Union

Union 2016 awards: From best goal to most surprising moment

Union 2016 awards: From best goal to most surprising moment

The Union’s 2016 is hard to explain.

There were jaw-dropping ups, headshaking downs and an impressive playoff berth that felt hollow after a late-season collapse. The club had young players, like Keegan Rosenberry, Josh Yaro and Andre Blake, give fans a taste of the future, while old guys like Chris Pontius, Brian Carroll and Fabinho outdid themselves. Maurice Edu broke his leg. Twice. Alejandro Bedoya and Charlie Davies joined the team, and Vincent Nogueira disappeared almost overnight. 

To wrap up this crazy year, here are Ryan Bright and Dave Zeitlin’s 2016 Union awards. 

Most memorable moment
Ryan:
The 2016 MLS SuperDraft 
It’s rare that the MLS draft changes a franchise, but that’s exactly what it did for the Union, who snagged Yaro, Rosenberry and Fabian Herbers with the second, third and sixth overall picks. While Yaro had a promising learning year, Rosenberry became a star, playing every minute of the season and getting U.S. Men’s National Team attention. Herbers led the club with seven assists. 

Dave: Big roster moves
The thing that stands out the most in 2016 might be something that happened off the field. It’s not every year, after all, that the Union sign a U.S. national team World Cup starter. But that’s what they did when they locked up Bedoya to a long-term deal during the summer transfer window, before signing his good friend and former USMNT veteran Davies while trading away franchise legend Sebastien Le Toux. When they stopped to catch their breath, the club’s future suddenly looked a whole lot different. 

Most disappointing moment
Ryan:
Not hosting a playoff game 
After back-to-back wins against the Columbus Crew and Sporting Kansas City in late August, the Union had the opportunity to not only make the playoffs but host a playoff game. That didn’t happen. The club went winless in their final seven games, traveling to BMO Field, where the club lost the first-round playoff match to the eventual Eastern Conference champions, Toronto FC.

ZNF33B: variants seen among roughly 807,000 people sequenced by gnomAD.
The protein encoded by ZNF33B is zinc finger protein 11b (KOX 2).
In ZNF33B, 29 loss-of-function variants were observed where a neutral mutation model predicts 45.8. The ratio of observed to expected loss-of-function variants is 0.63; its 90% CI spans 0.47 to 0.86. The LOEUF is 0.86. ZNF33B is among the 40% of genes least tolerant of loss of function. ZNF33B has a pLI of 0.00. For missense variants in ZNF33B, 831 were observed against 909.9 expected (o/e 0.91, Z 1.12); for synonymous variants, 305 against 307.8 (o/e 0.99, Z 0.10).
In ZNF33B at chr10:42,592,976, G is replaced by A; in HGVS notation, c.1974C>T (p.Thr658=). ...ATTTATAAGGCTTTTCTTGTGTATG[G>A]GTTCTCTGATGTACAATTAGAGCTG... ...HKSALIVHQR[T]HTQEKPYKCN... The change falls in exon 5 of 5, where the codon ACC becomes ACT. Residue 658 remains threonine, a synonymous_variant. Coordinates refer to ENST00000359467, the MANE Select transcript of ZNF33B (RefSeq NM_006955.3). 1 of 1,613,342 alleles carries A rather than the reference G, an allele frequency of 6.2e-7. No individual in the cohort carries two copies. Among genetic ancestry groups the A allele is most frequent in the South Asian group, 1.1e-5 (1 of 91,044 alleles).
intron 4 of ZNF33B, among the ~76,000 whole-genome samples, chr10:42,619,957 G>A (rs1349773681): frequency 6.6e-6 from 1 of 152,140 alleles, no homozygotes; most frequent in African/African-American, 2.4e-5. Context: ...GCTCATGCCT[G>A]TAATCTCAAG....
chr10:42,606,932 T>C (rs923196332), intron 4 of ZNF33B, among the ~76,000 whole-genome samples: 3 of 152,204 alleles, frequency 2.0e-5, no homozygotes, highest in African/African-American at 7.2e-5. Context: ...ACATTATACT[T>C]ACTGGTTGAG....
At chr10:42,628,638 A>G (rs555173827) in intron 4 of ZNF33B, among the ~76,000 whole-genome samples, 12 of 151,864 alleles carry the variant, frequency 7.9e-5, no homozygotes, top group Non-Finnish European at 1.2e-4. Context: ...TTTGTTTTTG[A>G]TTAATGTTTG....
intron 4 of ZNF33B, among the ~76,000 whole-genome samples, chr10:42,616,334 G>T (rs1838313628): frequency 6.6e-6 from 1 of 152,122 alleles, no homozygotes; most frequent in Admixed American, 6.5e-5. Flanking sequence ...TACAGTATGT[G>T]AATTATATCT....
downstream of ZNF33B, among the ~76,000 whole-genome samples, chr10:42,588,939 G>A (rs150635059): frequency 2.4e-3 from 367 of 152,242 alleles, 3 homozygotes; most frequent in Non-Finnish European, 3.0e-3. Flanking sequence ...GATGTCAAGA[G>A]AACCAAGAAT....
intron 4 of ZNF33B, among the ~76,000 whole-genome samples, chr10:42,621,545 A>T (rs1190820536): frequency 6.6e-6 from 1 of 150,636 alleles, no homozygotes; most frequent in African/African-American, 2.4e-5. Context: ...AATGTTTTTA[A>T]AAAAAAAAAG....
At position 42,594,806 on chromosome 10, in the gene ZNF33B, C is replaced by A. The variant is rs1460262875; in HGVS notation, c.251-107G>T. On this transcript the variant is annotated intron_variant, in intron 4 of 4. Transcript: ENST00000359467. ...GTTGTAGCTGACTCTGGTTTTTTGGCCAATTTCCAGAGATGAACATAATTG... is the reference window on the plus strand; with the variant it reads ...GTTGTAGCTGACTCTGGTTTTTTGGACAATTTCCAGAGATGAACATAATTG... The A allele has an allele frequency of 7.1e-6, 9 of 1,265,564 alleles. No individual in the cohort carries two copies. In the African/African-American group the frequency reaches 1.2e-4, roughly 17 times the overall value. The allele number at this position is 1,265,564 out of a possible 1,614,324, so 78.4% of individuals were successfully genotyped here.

Dave: Playoff washout
It wasn’t a surprise that the Union lost their first-round game in the playoffs considering they went on the road to face a superior Toronto FC team that ended up hosting the MLS Cup final. But it still stung to get bounced from their first postseason berth in five years so quickly and finish the season winless in their last eight. Making the playoffs was an accomplishment, but the fact remains the club has never won a playoff game in seven years.

Best game
Ryan:
Union vs. D.C. United, May 20
It wasn’t a goal-scoring fest, but the Eastern Conference win at Talen Energy Stadium sent a message throughout the league that the Union might be for real. Richie Marquez scored his first-ever goal in the 91st minute from Le Toux, and Blake stood tall for the two-save shutout, as the Union’s unbeaten streak ran to five games, which they eventually pushed to eight. It was the club’s fifth win in their first 11 games, marking an unprecedented start for the unsuspecting Union.

Dave: Union vs. Orlando City SC, May 25 
This won’t sit well with the ties-are-terrible crowd but Philly’s 2-2 draw with Orlando on May 25 had a little bit of everything. Among the highlights: Drexel grad Ken Tribbett had his first career goal and first career assist after only coming in because of an injury; Blake saved a penalty kick from the legend Kaka; Orlando scored two controversial goals that had Union head coach Jim Curtin fuming; Philly’s Warren Creavalle was taken down in the box without the ref blowing his whistle, which had Curtin even more upset; Orlando’s David Mateos was shown a straight red card in the final minute; and the Union ran a smoothly designed set piece that should have resulted in a goal. When all the smoke cleared, the Union upped their unbeaten streak to six, which they would extend to eight leading into the Copa America break. 

Best goal
Ryan: Alejandro Bedoya’s chip against Toronto FC 
Just when Bedoya began feeling the criticism for not being as impactful as his new MLS contract warranted, he struck on Sept. 24 against Toronto FC. Accepting a pretty pass from Herbers, Bedoya accepted possession with one turn and lofted a volley that found space between Clint Irwin and the crossbar for his first with the Union.

Dave: Fabian Herbers’ rocket against Columbus Crew
With all due respect to Tranquillo Barnetta’s masterful free-kick goals and Bedoya’s jaw-dropping chip, I’ll go with the fans on this one and say the best one — perhaps because it was the most unlikely — was winger Herbers’ perfectly placed rocket into the top corner vs. Columbus on June 1. The goal not only was the eventual game-winner to push Philly’s unbeaten run to eight with an exciting 3-2 win over the Crew but it was also the first of the rookie’s MLS career. Not a bad way to open your scoring account.

MVP
Ryan: Andre Blake
Selected as the league’s best goalkeeper, Blake was responsible for being the fixer when the Union’s young back line faltered. Though the keeper wasn’t flawless, he was good for at least one game-saving stop per match, earning countless points for the Union throughout the year.